As July ends and August begins, the grove here at Rhododendron State Park is just about finished with this year’s flowers. A few blossoms here and there may be seen still, but any of this season’s flower buds (even the latest ones) have opened up. There won’t be any more new blooms until next summer (somebody will find one just to prove me wrong, but that’s ok – I’m used to it – being wrong, that is).
Mid-summer at the grove is usually a bit cooler (relatively, anyway) and more moist than the surrounding area – mainly a result of the deep shade that is provided by the large White Pines and Eastern Hemlocks that thrive in the acidic soil, not to mention the wet “boggy” condition of the ground. This is a fine example of a fragile ecosystem that is heavily dependent on a real lack of disturbance. It might be a challenge for the grove to survive the loss of deep shade that the hemlock trees provide if they are beset by the Woolly Adelgid – a small but economically important insect that has proven lethal to many Eastern Hemlock trees. The questions remain: Will the insect arrive? Or when? What might it’s impact be? There are a few theories and opinions about this issue and how it ties into other current environmental factors. This is a great opportunity for me to keep my opinions to myself. I will try to do so (it’s kind of too late for that already. Oh well.).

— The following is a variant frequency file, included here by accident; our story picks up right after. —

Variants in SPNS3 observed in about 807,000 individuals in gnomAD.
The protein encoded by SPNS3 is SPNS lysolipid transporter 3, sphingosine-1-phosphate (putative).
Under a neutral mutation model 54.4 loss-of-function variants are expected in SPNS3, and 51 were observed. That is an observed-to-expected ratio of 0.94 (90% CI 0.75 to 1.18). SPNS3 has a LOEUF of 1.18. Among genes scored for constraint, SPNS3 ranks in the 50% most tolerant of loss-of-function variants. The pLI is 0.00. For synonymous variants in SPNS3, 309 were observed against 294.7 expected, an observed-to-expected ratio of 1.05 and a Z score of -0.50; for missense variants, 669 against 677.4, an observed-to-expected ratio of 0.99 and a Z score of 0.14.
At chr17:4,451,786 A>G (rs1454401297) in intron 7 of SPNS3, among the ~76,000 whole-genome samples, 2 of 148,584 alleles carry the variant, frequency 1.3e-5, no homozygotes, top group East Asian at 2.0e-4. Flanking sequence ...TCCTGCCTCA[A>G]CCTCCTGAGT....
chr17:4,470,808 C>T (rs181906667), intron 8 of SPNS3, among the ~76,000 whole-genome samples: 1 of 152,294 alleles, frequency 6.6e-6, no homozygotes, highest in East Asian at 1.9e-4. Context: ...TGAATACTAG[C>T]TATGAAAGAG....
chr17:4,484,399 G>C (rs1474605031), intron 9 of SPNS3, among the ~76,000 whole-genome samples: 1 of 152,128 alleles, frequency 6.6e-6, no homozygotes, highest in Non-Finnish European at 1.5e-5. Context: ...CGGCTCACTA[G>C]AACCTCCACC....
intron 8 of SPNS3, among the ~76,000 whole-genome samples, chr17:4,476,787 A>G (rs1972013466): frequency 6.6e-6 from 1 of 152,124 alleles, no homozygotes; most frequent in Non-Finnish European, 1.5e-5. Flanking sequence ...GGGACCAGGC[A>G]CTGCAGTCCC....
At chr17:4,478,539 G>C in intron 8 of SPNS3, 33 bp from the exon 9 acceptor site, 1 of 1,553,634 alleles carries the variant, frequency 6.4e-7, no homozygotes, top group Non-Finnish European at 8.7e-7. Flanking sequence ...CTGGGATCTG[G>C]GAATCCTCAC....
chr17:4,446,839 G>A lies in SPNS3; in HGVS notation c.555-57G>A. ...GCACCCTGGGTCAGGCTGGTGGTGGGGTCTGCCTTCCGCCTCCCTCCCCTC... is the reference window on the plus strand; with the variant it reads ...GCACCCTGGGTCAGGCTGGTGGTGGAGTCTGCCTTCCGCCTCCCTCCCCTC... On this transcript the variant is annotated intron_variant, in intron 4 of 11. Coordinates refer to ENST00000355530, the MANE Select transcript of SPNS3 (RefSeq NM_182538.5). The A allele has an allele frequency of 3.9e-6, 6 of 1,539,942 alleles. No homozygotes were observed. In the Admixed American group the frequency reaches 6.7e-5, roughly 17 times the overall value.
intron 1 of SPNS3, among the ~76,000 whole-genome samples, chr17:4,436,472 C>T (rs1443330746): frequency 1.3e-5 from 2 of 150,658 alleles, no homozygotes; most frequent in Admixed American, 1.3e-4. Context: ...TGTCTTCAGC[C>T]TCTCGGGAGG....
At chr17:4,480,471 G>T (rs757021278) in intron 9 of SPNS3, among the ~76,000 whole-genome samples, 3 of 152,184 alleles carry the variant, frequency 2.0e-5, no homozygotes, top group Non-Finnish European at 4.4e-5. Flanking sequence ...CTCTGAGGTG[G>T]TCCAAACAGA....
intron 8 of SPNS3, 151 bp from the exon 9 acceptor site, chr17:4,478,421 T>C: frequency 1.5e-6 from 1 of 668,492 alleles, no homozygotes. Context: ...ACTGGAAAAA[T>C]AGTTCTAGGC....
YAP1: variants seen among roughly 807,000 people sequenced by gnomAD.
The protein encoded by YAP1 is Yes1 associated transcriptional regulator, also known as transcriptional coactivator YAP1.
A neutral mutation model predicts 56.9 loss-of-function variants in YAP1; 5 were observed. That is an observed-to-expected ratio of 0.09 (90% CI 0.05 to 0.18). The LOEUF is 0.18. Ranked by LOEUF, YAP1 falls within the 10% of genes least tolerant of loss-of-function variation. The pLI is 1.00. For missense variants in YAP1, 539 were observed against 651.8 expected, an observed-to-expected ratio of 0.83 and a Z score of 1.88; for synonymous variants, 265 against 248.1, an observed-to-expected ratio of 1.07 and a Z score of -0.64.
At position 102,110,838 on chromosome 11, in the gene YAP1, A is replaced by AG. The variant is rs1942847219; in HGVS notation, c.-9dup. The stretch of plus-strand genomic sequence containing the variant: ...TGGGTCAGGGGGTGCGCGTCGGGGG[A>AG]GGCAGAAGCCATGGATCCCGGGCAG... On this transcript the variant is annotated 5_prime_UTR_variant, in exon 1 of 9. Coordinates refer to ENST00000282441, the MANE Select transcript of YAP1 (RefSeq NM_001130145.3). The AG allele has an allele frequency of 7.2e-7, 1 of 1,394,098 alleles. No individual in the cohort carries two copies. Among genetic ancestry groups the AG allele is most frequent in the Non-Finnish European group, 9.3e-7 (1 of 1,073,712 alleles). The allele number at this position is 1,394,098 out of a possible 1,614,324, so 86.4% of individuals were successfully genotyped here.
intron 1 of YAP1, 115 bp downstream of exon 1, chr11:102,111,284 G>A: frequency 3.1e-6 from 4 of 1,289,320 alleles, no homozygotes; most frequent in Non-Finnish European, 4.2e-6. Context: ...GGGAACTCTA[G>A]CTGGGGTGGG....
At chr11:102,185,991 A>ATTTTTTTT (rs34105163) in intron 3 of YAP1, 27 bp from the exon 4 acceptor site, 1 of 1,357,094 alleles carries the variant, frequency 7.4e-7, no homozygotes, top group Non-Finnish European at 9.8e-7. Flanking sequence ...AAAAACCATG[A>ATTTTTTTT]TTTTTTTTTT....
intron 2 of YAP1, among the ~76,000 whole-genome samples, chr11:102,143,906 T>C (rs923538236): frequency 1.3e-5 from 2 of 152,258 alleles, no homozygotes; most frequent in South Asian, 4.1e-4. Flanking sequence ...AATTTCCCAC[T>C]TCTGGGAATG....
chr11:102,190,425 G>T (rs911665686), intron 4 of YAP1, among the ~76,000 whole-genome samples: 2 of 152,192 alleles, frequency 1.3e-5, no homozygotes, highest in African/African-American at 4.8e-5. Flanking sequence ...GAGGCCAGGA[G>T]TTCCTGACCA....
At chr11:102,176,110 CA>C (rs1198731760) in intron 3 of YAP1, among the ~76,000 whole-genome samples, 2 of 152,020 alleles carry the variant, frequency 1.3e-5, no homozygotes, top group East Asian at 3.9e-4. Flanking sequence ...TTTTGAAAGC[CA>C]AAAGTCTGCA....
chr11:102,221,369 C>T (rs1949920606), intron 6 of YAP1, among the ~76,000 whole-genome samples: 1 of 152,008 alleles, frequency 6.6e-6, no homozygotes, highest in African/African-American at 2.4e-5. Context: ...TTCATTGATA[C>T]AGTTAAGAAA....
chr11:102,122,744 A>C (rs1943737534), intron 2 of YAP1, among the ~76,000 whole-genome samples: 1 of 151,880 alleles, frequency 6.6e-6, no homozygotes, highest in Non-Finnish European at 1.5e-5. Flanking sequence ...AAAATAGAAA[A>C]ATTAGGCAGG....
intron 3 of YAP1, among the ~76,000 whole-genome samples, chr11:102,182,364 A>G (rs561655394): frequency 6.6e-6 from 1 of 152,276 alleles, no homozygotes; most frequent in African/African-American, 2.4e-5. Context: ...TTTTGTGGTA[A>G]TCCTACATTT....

Enough rambling – this week I have included some more plant pictures as well as some other features that are found at Rhododendron State Park.
Remember to be prepared for biting insects at the grove-they do like that moist shade.